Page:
First, policy easing has a much greater chance of working in EM, where credit systems still function and the economies are not burdened by the structural baggage now weighing on developed economies.
Second, we are not arguing that monetary policy has been unimportant over the past few years. Unconventional policy has been, at several points, critical to avoiding systemic stress leading to systemic collapse. Central bank liquidity can lubricate a private sector in seizure. This was most obvious after the collapse of Lehman’s. The ECB’s long term repo operation was also important last year. When risk assets, rightly, were affected by the tail risk of systemic implosion, reducing that risk triggers (and warrants) a risk rally.
What’s at issue now is whether unconventional policy either works to stimulate activity, or can directly boost risk asset prices. We’re skeptical on the first point. Deleveraging cycles mute the effect of monetary policy on growth. Unconventional monetary policy may be an effective shield – can defend against systemic breakdown – but not a good sword: broadly unable to encourage a return to normal credit creation, where monetary policy can work to stimulate growth.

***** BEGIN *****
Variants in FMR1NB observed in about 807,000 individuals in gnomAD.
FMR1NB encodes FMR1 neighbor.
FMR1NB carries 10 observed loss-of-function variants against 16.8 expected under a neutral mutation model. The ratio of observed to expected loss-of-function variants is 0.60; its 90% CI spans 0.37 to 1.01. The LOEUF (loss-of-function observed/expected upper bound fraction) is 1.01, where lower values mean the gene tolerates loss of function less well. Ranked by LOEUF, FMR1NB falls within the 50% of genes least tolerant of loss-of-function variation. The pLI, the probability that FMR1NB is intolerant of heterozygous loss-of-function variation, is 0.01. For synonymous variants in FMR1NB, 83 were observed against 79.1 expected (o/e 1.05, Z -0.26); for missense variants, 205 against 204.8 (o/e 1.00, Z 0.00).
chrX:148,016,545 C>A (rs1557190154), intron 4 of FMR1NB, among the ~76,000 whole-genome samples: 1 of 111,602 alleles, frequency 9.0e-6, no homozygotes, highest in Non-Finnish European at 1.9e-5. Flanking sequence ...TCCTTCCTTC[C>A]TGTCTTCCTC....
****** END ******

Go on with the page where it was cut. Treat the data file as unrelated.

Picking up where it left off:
Having said that, the important issue for many investors is whether further unconventional easing can trigger a tradable rally in risk assets, even if there is little or no effect on the macro outlook. We’re doubtful. When growth is the concern, as now, tradable rallies require better macro news. That macro was critical in the QE2 rally is most obvious from looking at bond markets. Whatever else QE2 did, buying bonds should have affected Treasuries - but as the chart shows, the commencement of QE2 – as with QE1 (large scale asset purchases) and operation twist – coincided with rising Treasury yields. And, as an aside, Fed selling Treasuries (as it did in late 2007) coincided with falling yields.